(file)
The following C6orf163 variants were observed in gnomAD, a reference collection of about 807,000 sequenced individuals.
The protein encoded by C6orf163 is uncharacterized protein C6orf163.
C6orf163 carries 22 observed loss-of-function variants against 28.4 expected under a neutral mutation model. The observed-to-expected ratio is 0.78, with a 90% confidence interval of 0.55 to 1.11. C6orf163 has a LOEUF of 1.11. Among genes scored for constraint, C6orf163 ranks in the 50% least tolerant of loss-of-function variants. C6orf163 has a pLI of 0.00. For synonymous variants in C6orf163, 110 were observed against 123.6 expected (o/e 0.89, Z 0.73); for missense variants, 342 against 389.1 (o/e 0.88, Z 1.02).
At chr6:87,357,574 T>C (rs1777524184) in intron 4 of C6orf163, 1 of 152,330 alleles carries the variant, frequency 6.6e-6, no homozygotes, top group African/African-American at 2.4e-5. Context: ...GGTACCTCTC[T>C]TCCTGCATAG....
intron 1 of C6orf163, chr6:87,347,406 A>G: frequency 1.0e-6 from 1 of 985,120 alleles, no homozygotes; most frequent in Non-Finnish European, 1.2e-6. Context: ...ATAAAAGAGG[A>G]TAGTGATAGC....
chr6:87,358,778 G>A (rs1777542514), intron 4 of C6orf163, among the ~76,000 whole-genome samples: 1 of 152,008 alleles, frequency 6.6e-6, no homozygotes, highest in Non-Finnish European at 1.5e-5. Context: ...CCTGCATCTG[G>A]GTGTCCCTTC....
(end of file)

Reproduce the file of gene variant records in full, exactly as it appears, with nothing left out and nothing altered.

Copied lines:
The following C6orf163 variants were observed in gnomAD, a reference collection of about 807,000 sequenced individuals.
The protein encoded by C6orf163 is uncharacterized protein C6orf163.
C6orf163 carries 22 observed loss-of-function variants against 28.4 expected under a neutral mutation model. The observed-to-expected ratio is 0.78, with a 90% confidence interval of 0.55 to 1.11. C6orf163 has a LOEUF of 1.11. Among genes scored for constraint, C6orf163 ranks in the 50% least tolerant of loss-of-function variants. C6orf163 has a pLI of 0.00. For synonymous variants in C6orf163, 110 were observed against 123.6 expected (o/e 0.89, Z 0.73); for missense variants, 342 against 389.1 (o/e 0.88, Z 1.02).
At chr6:87,357,574 T>C (rs1777524184) in intron 4 of C6orf163, 1 of 152,330 alleles carries the variant, frequency 6.6e-6, no homozygotes, top group African/African-American at 2.4e-5. Context: ...GGTACCTCTC[T>C]TCCTGCATAG....
intron 1 of C6orf163, chr6:87,347,406 A>G: frequency 1.0e-6 from 1 of 985,120 alleles, no homozygotes; most frequent in Non-Finnish European, 1.2e-6. Context: ...ATAAAAGAGG[A>G]TAGTGATAGC....
chr6:87,358,778 G>A (rs1777542514), intron 4 of C6orf163, among the ~76,000 whole-genome samples: 1 of 152,008 alleles, frequency 6.6e-6, no homozygotes, highest in Non-Finnish European at 1.5e-5. Context: ...CCTGCATCTG[G>A]GTGTCCCTTC....